The People for the Ethical Treatment of Animals (PETA) website offers a tremendous amount of resources to educate the public on the true source of their fur lined or trimmed garments. The most common wild-caught (trapped) furs include:
Other species that are regulated in terms of hunting in North America include bear and seal. The most common method for smaller mammals caught in the wild are the leg hold trap, which grasps the leg and entraps the wild animal, until a hunter (or another predator) can kill it.
Other painful devices used for wild trapping include the conibear trap, which works like a large, powerful mousetrap, frequently breaking the back of the animal, leaving it paralyzed but still alive. Snare traps are also common for larger animals, and provide an exceptionally cruel and painful death for wildlife caught in them. The more the animal struggles, the tighter the noose around their neck becomes, causing swelling until blood vessels cause internal bleeding in the brain. Trappers refer to these victims as “jelly heads” because of the extremely swollen neck and fractured skulls when the bodies are removed from the trap.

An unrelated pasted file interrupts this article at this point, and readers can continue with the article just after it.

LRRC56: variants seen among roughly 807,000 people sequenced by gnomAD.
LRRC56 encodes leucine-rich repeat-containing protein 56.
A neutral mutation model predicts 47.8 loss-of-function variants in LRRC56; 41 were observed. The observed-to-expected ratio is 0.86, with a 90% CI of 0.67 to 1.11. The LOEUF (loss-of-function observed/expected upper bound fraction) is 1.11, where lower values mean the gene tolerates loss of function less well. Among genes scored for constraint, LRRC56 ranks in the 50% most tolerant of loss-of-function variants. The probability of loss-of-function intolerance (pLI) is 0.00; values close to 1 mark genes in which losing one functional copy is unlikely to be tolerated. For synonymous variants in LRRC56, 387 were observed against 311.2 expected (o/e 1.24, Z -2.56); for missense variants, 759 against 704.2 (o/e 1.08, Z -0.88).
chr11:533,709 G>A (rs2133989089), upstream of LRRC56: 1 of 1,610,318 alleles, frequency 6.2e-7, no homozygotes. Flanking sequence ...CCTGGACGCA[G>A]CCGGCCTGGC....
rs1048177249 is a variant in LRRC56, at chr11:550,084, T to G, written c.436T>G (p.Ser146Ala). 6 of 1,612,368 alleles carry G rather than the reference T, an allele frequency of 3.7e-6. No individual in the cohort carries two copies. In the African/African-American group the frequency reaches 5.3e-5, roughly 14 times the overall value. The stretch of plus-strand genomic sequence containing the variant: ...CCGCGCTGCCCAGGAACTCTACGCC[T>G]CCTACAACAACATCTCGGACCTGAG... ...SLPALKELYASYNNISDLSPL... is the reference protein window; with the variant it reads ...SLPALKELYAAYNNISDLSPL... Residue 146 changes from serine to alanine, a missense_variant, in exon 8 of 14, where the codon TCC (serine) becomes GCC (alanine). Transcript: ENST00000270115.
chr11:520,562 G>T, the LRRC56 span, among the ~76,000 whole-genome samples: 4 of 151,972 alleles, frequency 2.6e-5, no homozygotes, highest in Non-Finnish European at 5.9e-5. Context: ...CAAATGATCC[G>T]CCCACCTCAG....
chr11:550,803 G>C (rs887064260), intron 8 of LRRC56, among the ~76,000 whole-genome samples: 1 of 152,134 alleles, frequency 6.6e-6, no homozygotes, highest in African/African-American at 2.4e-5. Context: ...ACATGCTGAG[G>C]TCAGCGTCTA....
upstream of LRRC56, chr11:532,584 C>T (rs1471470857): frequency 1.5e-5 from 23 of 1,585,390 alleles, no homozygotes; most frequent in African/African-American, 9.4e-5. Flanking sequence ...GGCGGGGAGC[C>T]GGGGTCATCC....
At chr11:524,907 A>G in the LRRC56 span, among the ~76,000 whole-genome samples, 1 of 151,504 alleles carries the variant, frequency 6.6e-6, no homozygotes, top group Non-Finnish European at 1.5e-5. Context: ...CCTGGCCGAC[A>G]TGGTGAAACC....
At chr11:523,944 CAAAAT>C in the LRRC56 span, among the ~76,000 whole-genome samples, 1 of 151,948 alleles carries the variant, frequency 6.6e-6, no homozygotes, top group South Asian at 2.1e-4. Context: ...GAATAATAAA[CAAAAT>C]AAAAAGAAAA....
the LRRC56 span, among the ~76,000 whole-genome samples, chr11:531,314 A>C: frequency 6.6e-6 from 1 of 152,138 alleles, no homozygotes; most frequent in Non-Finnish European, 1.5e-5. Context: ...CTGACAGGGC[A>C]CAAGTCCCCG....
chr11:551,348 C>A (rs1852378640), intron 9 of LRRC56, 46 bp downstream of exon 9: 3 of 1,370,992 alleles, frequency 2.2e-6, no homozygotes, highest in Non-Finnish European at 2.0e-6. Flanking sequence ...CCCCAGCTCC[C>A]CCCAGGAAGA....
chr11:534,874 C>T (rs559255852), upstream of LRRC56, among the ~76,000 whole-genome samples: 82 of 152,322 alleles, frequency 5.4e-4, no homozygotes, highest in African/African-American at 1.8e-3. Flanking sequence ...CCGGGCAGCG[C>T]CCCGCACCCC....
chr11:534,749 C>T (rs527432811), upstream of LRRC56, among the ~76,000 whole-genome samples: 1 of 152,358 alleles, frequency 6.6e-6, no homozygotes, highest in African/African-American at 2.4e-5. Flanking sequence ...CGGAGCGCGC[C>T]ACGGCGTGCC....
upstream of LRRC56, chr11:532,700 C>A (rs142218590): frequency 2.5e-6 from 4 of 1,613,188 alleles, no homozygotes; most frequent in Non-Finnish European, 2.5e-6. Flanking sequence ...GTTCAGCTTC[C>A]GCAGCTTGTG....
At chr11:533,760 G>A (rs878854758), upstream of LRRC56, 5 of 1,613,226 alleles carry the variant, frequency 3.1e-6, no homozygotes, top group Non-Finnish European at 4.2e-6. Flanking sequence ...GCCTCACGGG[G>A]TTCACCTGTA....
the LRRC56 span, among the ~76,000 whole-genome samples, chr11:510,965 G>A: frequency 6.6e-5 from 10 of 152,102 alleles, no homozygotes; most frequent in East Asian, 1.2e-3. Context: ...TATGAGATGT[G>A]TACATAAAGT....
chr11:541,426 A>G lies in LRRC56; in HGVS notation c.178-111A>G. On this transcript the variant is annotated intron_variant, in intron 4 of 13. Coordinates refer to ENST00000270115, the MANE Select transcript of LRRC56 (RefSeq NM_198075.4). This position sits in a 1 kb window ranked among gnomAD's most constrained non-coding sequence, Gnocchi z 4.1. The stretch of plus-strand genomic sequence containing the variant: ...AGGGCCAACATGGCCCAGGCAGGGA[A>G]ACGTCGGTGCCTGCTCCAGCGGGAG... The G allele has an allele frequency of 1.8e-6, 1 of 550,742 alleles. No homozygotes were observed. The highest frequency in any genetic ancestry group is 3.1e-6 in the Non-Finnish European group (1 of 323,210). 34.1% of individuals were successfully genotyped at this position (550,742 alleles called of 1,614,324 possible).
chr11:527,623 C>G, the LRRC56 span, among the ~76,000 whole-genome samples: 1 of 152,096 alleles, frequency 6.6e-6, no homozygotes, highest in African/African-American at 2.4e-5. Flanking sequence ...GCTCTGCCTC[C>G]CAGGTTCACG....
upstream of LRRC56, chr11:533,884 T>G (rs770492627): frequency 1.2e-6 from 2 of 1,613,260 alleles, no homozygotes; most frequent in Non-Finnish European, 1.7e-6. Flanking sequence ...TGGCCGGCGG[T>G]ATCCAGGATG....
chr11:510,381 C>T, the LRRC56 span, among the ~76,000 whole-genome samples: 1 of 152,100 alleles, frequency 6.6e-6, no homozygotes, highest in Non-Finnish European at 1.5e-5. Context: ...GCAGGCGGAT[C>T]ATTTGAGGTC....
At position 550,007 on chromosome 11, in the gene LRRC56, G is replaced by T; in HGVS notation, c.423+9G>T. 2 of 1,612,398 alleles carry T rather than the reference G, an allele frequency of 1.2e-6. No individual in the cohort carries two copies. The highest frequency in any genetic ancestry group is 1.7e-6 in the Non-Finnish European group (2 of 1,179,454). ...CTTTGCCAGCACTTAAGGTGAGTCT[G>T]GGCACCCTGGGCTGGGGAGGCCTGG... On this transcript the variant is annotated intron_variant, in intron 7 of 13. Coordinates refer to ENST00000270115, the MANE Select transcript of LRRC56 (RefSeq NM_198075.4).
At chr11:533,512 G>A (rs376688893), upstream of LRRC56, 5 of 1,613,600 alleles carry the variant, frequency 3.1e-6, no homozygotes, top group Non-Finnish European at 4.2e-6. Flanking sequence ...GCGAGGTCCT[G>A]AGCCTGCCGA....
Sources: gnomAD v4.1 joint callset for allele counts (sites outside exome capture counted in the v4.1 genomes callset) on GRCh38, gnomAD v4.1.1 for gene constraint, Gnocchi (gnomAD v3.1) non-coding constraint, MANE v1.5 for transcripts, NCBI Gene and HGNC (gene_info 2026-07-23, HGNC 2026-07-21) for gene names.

Not only are wild traps fatal, and excruciating to wildlife, but domestic animals and other non-fur bearing wildlife are frequently the victims, including domestic cats, dogs, birds and other mammals. The traps are so effective, that animals frequently resort to self-harm to release themselves, and die shortly after freeing themselves.
Domestic Dogs and Cats Used in The Fur Industry
If you have a family pet, or if you love dogs and cats, the information we are going to share with you will be more than upsetting. In a recent PETA investigation, fur suppliers from APAC (Asia Pacific) were found to be exporting wholesale pelts to the global fur industry.
In China, there are minimal laws that govern the ethical treatment of animals. Slowly, the culture is changing, and we’re proud to note that many more animal rights advocacy groups have grown in 2016 in China, with continuing momentum that gives us hope for change.